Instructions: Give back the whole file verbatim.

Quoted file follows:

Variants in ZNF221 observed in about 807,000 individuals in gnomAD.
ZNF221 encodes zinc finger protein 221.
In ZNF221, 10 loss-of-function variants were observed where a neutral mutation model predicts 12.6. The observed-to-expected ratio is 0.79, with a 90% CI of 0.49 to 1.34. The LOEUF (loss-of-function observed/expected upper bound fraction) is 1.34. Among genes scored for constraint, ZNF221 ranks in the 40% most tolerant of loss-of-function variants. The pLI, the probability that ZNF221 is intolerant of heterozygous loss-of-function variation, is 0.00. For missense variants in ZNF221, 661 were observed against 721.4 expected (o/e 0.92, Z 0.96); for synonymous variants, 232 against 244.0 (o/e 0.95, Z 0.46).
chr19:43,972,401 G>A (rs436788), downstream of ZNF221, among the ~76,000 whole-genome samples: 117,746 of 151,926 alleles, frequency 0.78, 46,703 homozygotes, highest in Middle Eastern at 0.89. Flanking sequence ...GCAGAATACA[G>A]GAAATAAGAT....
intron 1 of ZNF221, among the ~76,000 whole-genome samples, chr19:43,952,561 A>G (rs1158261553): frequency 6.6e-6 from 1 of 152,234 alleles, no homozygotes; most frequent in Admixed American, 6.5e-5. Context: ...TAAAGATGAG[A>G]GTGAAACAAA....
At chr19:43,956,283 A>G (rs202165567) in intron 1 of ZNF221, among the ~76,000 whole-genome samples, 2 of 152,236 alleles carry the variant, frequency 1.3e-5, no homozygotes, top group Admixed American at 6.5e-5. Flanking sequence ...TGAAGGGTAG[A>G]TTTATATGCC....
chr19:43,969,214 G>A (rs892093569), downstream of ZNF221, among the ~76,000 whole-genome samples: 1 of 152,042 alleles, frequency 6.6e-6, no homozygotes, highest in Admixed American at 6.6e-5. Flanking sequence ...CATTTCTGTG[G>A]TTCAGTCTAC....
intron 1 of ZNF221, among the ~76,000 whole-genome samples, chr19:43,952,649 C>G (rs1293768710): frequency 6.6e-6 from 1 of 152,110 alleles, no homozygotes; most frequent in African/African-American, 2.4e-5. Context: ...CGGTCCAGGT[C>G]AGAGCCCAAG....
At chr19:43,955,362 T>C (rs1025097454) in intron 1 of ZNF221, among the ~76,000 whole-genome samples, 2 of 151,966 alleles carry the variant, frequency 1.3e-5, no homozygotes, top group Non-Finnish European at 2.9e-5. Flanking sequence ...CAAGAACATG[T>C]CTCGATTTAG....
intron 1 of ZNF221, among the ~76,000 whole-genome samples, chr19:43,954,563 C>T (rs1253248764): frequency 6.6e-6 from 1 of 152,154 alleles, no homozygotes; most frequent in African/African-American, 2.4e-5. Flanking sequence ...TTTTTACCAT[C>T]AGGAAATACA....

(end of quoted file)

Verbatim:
Variants in ZNF221 observed in about 807,000 individuals in gnomAD.
ZNF221 encodes zinc finger protein 221.
In ZNF221, 10 loss-of-function variants were observed where a neutral mutation model predicts 12.6. The observed-to-expected ratio is 0.79, with a 90% CI of 0.49 to 1.34. The LOEUF (loss-of-function observed/expected upper bound fraction) is 1.34. Among genes scored for constraint, ZNF221 ranks in the 40% most tolerant of loss-of-function variants. The pLI, the probability that ZNF221 is intolerant of heterozygous loss-of-function variation, is 0.00. For missense variants in ZNF221, 661 were observed against 721.4 expected (o/e 0.92, Z 0.96); for synonymous variants, 232 against 244.0 (o/e 0.95, Z 0.46).
chr19:43,972,401 G>A (rs436788), downstream of ZNF221, among the ~76,000 whole-genome samples: 117,746 of 151,926 alleles, frequency 0.78, 46,703 homozygotes, highest in Middle Eastern at 0.89. Flanking sequence ...GCAGAATACA[G>A]GAAATAAGAT....
intron 1 of ZNF221, among the ~76,000 whole-genome samples, chr19:43,952,561 A>G (rs1158261553): frequency 6.6e-6 from 1 of 152,234 alleles, no homozygotes; most frequent in Admixed American, 6.5e-5. Context: ...TAAAGATGAG[A>G]GTGAAACAAA....
At chr19:43,956,283 A>G (rs202165567) in intron 1 of ZNF221, among the ~76,000 whole-genome samples, 2 of 152,236 alleles carry the variant, frequency 1.3e-5, no homozygotes, top group Admixed American at 6.5e-5. Flanking sequence ...TGAAGGGTAG[A>G]TTTATATGCC....
chr19:43,969,214 G>A (rs892093569), downstream of ZNF221, among the ~76,000 whole-genome samples: 1 of 152,042 alleles, frequency 6.6e-6, no homozygotes, highest in Admixed American at 6.6e-5. Flanking sequence ...CATTTCTGTG[G>A]TTCAGTCTAC....
intron 1 of ZNF221, among the ~76,000 whole-genome samples, chr19:43,952,649 C>G (rs1293768710): frequency 6.6e-6 from 1 of 152,110 alleles, no homozygotes; most frequent in African/African-American, 2.4e-5. Context: ...CGGTCCAGGT[C>G]AGAGCCCAAG....
At chr19:43,955,362 T>C (rs1025097454) in intron 1 of ZNF221, among the ~76,000 whole-genome samples, 2 of 151,966 alleles carry the variant, frequency 1.3e-5, no homozygotes, top group Non-Finnish European at 2.9e-5. Flanking sequence ...CAAGAACATG[T>C]CTCGATTTAG....
intron 1 of ZNF221, among the ~76,000 whole-genome samples, chr19:43,954,563 C>T (rs1253248764): frequency 6.6e-6 from 1 of 152,154 alleles, no homozygotes; most frequent in African/African-American, 2.4e-5. Flanking sequence ...TTTTTACCAT[C>T]AGGAAATACA....